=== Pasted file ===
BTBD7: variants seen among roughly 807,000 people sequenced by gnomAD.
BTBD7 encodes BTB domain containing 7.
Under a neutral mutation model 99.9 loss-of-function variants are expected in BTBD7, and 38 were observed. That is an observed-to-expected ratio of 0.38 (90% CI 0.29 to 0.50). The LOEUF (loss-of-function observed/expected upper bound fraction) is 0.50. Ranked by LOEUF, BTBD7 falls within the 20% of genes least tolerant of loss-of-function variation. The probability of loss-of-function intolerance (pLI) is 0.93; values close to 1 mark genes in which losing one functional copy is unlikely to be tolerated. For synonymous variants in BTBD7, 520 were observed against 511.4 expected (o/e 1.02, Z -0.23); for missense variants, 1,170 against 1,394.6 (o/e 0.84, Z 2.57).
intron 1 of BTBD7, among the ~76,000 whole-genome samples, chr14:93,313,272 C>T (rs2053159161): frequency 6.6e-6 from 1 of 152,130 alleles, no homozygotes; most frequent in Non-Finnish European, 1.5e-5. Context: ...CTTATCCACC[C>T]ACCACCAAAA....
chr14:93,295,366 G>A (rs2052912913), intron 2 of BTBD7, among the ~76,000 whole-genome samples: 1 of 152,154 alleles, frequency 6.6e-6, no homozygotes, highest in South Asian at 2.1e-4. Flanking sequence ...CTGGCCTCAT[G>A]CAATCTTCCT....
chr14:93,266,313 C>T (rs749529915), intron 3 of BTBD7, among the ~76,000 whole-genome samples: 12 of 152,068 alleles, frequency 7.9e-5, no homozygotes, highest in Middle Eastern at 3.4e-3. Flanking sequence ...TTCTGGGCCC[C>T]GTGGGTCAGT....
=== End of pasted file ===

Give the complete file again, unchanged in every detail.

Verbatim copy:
BTBD7: variants seen among roughly 807,000 people sequenced by gnomAD.
BTBD7 encodes BTB domain containing 7.
Under a neutral mutation model 99.9 loss-of-function variants are expected in BTBD7, and 38 were observed. That is an observed-to-expected ratio of 0.38 (90% CI 0.29 to 0.50). The LOEUF (loss-of-function observed/expected upper bound fraction) is 0.50. Ranked by LOEUF, BTBD7 falls within the 20% of genes least tolerant of loss-of-function variation. The probability of loss-of-function intolerance (pLI) is 0.93; values close to 1 mark genes in which losing one functional copy is unlikely to be tolerated. For synonymous variants in BTBD7, 520 were observed against 511.4 expected (o/e 1.02, Z -0.23); for missense variants, 1,170 against 1,394.6 (o/e 0.84, Z 2.57).
intron 1 of BTBD7, among the ~76,000 whole-genome samples, chr14:93,313,272 C>T (rs2053159161): frequency 6.6e-6 from 1 of 152,130 alleles, no homozygotes; most frequent in Non-Finnish European, 1.5e-5. Context: ...CTTATCCACC[C>T]ACCACCAAAA....
chr14:93,295,366 G>A (rs2052912913), intron 2 of BTBD7, among the ~76,000 whole-genome samples: 1 of 152,154 alleles, frequency 6.6e-6, no homozygotes, highest in South Asian at 2.1e-4. Flanking sequence ...CTGGCCTCAT[G>A]CAATCTTCCT....
chr14:93,266,313 C>T (rs749529915), intron 3 of BTBD7, among the ~76,000 whole-genome samples: 12 of 152,068 alleles, frequency 7.9e-5, no homozygotes, highest in Middle Eastern at 3.4e-3. Flanking sequence ...TTCTGGGCCC[C>T]GTGGGTCAGT....